Space flight, 2005
von Puttkamer, Jesco Formerly, Office of Space Flight, National Aeronautics and Space Administration, Washington, DC.
- International Space Station
- Progress M-52
- Soyuz TMA-6
- Progress M-53
- Progress M-54
- Soyuz TMA-7
- Progress M-55
- United States Space Activities
- Space shuttle
- Advanced transportation systems activities
- Space sciences and astronomy
- Earth science
- Department of Defense (DOD) space activities
- Commercial space activities
- Russian Space Activities
- European Space Activities
- Venus Express
- SPOT 5
- Mars Express
- Asian Space Activities
- Other Countries' Space Activities
- Additional Readings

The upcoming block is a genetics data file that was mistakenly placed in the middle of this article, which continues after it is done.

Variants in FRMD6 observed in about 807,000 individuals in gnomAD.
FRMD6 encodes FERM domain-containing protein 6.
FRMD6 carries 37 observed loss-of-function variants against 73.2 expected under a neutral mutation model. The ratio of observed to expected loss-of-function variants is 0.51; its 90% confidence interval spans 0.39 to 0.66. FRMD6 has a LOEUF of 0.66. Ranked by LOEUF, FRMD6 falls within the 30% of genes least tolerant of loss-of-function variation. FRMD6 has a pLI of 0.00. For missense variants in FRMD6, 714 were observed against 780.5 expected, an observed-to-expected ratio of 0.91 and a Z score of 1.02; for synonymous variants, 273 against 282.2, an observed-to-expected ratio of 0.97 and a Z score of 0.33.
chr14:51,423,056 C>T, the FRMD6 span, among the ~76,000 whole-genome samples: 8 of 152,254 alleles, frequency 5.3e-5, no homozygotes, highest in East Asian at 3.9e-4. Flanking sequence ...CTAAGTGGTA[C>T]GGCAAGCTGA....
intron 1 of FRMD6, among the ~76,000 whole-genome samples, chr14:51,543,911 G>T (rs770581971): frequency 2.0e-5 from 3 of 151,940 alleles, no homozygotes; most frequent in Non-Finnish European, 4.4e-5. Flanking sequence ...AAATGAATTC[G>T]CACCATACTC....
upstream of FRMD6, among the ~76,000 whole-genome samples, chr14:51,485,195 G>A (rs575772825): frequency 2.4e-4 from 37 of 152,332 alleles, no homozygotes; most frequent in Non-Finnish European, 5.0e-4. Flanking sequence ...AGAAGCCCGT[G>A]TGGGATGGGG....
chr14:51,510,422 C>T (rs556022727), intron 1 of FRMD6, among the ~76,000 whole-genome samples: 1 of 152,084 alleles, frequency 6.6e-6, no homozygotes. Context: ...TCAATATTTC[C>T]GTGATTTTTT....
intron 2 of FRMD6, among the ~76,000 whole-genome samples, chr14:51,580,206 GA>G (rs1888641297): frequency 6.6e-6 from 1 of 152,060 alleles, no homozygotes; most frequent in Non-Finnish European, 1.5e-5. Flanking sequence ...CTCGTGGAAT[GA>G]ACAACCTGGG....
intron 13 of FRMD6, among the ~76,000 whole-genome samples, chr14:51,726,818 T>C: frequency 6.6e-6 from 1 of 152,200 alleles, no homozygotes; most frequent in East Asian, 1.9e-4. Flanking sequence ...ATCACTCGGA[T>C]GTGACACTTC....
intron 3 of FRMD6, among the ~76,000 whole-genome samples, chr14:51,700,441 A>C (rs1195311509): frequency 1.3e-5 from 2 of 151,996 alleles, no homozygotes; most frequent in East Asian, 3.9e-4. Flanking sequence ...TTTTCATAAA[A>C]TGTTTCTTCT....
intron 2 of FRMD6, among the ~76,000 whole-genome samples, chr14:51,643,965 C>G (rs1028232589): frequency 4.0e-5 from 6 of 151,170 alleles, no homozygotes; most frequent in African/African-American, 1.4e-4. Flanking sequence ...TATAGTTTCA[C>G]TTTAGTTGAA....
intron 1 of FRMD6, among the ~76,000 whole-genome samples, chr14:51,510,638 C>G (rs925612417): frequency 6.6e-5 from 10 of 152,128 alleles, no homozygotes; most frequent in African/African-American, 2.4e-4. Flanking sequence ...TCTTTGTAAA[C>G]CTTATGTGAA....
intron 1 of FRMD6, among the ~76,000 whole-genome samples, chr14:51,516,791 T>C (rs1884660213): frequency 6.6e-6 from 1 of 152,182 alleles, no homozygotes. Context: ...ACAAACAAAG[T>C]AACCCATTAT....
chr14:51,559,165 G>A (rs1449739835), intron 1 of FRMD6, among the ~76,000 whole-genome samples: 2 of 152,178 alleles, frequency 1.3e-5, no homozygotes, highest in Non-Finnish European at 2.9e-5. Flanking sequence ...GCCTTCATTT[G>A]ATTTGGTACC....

Space flight in 2005 made a number of significant strides in both human and robotic activities, moving ahead in its increasingly dominant theme: progress toward human exploration ventures outside the Earth's boundaries. But based on the number of launches to orbit and the number of launched satellite payloads, the utilization of space in 2005, which had reached its lowest level in 2004 since 1961, remained on that level without showing signs of reversing this trend. For the second consecutive year, the number of space launches attempted worldwide totaled 55 (including three failed). However, in terms of commercial satellite sales, with 19 geostationary-orbit commercial communications satellites (comsats) ordered worldwide, 2005 brought a significant improvement over the 12 satellites ordered in 2004.
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